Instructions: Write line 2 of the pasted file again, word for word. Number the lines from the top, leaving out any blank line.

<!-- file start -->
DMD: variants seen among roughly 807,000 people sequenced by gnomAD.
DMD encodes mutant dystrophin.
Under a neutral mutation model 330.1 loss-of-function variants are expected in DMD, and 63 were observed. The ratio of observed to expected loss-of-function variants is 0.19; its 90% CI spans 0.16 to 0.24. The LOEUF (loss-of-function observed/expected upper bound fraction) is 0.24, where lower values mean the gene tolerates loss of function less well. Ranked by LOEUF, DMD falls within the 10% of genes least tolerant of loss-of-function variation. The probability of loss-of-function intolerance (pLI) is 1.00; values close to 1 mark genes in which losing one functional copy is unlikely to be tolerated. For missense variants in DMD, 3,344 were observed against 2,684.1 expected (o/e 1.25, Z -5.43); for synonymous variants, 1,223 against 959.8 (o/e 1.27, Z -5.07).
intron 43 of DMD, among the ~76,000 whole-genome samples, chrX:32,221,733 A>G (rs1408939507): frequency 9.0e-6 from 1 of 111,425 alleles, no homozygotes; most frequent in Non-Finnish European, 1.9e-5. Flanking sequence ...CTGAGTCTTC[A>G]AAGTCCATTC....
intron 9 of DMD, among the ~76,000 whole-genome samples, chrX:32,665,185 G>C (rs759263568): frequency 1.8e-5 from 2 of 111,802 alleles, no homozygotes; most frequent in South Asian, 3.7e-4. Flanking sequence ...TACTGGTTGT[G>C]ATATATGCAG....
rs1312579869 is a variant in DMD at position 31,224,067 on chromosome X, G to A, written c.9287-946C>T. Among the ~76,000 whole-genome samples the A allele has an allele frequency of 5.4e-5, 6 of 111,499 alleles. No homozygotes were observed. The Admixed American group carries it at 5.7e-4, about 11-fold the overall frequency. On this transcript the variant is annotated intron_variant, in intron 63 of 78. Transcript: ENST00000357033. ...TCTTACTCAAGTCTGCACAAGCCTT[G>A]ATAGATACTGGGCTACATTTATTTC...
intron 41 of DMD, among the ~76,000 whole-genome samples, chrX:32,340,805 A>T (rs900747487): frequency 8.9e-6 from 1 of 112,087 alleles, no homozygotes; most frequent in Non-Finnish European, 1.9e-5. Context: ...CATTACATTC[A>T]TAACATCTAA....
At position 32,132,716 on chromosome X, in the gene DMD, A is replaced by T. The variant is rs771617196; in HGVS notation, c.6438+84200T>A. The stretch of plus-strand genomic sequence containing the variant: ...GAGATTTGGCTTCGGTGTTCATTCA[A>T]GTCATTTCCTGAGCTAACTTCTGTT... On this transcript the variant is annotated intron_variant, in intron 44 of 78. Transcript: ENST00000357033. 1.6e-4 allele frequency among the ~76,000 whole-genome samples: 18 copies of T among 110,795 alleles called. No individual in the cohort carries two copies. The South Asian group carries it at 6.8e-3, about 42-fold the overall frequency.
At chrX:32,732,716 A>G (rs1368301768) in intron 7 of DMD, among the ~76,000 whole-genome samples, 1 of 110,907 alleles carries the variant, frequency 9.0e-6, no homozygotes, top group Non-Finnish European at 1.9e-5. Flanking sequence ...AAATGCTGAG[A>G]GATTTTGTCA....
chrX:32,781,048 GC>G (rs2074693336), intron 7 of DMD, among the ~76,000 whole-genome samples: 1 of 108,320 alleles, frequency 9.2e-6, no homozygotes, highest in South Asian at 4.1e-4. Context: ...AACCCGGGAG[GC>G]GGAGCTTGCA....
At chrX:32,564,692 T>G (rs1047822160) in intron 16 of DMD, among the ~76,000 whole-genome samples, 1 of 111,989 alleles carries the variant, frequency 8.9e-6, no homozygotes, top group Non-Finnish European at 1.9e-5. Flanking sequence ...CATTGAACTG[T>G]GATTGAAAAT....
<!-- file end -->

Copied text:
DMD encodes mutant dystrophin.